2
GMO
Quarterly Letter – Longest Quarterly Letter – February 2012
5. Recognize your advantages over the professionals. By far the biggest problem for professionals in investing isdealing with career and business risk: protecting your own job as an agent. The second curse of professionalinvesting is over-management caused by the need to be seen to be busy, to be earning your keep. The individualis far better-positioned to wait patiently for the right pitch while paying no regard to what others are doing, whichis almost impossible for professionals.6. Try to contain natural optimism. Optimism has probably been a positive survival characteristic. Our speciesis optimistic, and successful people are probably more optimistic than average. Some societies are also moreoptimistic than others: the U.S. and Australia are my two picks. I’m sure (but I’m glad I don’t have to prove it) thatit has a lot to do with their economic success. The U.S. in particular encourages risk-taking: failed entrepreneursare valued, not shunned. While 800 internet start-ups in the U.S. rather than Germany’s more modest 80 are likelyto lose a lot more money, a few of those 800 turn out to be today’s Amazons and Facebooks. You don’t have to be better; the laws of averages will look after it for you. But optimism comes with a downside, especially for investors: optimists don’t like to hear bad news. Tell a European you think there’s a housing bubble and you’llhave a reasonable discussion. Tell an Australian and you’ll have World War III. Been there, done that! And ina real stock bubble like that of 2000, bearish news in the U.S. will be greeted like news of the bubonic plague;
 bearish professionals will be red just to avoid the dissonance of hearing the bear case, and this is an example
where the better the case is made, the more unpleasantness it will elicit. Here again it is easier for an individualto stay cool than it is for a professional who is surrounded by hot news all day long (and sometimes irate clientstoo). Not easy, but easier.7. But on rare occasions, try hard to be brave. You can make bigger bets than professionals can when extremeopportunities present themselves because, for them, the biggest risk that comes from temporary setbacks – extreme loss of clients and business – does not exist for you. So, if the numbers tell you it’s a real outlier of amispriced market, grit your teeth and go for it.8. Resist the crowd: cherish numbers only. We can agree that in real life as opposed to theoretical life, this is thehardest advice to take: the enthusiasm of a crowd is hard to resist. Watching neighbors get rich at the end of a bubble while you sit it out patiently is pure torture. The best way to resist is to do your own simple measurements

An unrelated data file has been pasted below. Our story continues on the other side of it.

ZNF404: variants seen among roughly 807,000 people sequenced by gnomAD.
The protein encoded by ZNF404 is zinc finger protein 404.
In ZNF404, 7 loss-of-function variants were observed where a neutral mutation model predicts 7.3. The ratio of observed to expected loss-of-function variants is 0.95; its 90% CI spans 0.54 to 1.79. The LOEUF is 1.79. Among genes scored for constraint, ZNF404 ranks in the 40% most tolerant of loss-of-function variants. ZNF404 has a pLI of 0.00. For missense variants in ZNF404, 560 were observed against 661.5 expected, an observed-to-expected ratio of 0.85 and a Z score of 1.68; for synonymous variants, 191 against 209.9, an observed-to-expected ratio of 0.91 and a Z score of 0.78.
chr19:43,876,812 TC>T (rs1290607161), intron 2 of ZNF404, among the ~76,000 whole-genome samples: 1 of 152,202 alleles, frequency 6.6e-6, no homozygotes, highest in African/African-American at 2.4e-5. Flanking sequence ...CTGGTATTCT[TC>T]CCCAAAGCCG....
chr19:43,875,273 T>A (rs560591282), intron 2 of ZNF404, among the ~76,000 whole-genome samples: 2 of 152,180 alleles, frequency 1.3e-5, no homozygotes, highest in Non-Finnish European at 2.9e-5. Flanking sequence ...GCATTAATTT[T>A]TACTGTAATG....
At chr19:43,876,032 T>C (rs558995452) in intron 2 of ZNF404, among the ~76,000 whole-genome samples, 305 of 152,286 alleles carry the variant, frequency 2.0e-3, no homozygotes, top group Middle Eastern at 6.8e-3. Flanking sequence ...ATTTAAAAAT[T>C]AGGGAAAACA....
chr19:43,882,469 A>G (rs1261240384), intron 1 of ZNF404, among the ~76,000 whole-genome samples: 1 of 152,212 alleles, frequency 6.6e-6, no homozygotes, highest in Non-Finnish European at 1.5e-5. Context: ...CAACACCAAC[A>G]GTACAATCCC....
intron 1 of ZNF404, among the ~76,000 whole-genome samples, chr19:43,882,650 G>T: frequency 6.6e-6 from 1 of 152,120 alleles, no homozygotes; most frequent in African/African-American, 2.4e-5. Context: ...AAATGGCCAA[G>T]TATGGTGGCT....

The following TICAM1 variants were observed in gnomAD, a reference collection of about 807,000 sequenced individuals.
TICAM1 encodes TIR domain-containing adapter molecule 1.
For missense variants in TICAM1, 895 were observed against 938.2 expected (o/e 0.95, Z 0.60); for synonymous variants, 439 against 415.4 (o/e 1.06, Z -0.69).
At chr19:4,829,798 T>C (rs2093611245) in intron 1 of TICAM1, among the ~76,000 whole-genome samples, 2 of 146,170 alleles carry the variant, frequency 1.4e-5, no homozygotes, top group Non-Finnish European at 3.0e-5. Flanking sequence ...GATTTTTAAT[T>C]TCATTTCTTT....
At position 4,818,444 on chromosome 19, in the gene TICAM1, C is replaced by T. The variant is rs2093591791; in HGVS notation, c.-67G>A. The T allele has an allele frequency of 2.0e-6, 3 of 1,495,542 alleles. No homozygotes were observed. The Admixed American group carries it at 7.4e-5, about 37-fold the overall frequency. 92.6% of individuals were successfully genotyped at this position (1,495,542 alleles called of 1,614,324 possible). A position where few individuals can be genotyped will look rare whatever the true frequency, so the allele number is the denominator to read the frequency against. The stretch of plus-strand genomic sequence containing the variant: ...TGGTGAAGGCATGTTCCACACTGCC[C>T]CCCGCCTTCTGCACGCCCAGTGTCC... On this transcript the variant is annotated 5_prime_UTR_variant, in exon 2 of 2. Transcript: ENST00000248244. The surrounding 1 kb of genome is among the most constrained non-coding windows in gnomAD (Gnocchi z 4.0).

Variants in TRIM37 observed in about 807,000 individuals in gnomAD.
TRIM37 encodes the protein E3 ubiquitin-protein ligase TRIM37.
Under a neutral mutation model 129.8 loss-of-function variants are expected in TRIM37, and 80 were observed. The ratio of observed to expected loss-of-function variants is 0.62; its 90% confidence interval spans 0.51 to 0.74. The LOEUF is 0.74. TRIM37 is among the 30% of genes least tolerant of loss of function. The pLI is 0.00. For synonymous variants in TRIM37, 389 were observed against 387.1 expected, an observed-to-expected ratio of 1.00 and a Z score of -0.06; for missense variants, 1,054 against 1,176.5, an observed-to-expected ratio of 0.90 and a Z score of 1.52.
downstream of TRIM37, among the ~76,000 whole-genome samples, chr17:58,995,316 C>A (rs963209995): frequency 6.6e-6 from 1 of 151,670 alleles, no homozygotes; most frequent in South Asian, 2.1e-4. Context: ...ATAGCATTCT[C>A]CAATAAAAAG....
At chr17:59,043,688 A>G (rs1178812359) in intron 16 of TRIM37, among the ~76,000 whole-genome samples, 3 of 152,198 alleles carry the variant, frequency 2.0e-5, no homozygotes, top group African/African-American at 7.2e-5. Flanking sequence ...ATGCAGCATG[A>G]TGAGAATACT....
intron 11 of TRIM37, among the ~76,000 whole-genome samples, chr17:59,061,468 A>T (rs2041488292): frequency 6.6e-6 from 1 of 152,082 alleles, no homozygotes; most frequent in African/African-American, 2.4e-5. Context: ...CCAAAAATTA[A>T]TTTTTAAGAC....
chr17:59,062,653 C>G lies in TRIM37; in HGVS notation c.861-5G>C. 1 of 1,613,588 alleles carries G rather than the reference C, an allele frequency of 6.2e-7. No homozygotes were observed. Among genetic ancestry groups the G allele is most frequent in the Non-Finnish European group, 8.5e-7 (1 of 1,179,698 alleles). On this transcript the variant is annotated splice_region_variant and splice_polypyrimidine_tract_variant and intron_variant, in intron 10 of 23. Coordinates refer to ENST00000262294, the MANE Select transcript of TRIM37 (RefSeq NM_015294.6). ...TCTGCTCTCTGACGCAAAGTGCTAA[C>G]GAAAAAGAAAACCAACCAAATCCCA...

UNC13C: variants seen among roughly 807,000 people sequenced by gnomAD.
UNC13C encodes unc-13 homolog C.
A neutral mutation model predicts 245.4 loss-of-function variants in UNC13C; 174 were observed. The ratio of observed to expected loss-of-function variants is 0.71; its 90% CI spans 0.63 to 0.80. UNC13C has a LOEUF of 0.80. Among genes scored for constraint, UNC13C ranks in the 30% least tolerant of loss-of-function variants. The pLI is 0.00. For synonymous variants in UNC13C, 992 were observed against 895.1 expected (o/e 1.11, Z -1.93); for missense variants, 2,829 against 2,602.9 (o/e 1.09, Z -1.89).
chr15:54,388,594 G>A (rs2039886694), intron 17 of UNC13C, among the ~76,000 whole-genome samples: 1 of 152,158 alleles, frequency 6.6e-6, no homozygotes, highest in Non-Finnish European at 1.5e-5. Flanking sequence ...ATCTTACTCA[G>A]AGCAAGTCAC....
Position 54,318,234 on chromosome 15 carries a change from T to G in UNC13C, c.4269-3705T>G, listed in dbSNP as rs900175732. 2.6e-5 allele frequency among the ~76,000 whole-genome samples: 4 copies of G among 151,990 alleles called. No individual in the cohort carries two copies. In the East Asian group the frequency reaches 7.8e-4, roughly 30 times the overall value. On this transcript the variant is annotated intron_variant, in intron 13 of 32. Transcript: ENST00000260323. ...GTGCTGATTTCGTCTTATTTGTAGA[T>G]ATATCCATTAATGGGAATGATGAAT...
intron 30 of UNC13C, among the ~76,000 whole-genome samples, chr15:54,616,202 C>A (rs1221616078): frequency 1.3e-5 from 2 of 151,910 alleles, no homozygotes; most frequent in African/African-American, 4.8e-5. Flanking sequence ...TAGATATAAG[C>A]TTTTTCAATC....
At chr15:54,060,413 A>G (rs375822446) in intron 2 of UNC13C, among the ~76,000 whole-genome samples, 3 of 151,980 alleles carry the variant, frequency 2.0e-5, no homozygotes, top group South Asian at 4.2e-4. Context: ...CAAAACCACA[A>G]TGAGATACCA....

of value, or nd a reliable source (and check their calculations from time to time). Then hero-worship the numbersand try to ignore everything else. Ignore especially short-term news: the ebb and ow of economic and political
news is irrelevant. Stock values are based on their entire future value of dividends and earnings going outmany decades into the future. Shorter-term economic dips have no appreciable long-term effect on individualcompanies, let alone the broad asset classes that you should concentrate on. Leave those complexities to the professionals, who will on average lose money trying to decipher them.Remember too that for those great opportunities to avoid pain or make money – the only investment opportunitiesthat really matter – the numbers are almost shockingly obvious: compared to a long-term average of 15 timesearnings, the 1929 market peaked at 21 times, but the 2000 S&P 500 tech bubble peaked at 35 times! Conversely,the low in 1982 was under 8 times. This is not about complicated math!9. In the end it’s quite simple. Really. Let me give you some encouraging data. GMO predicts asset class returns in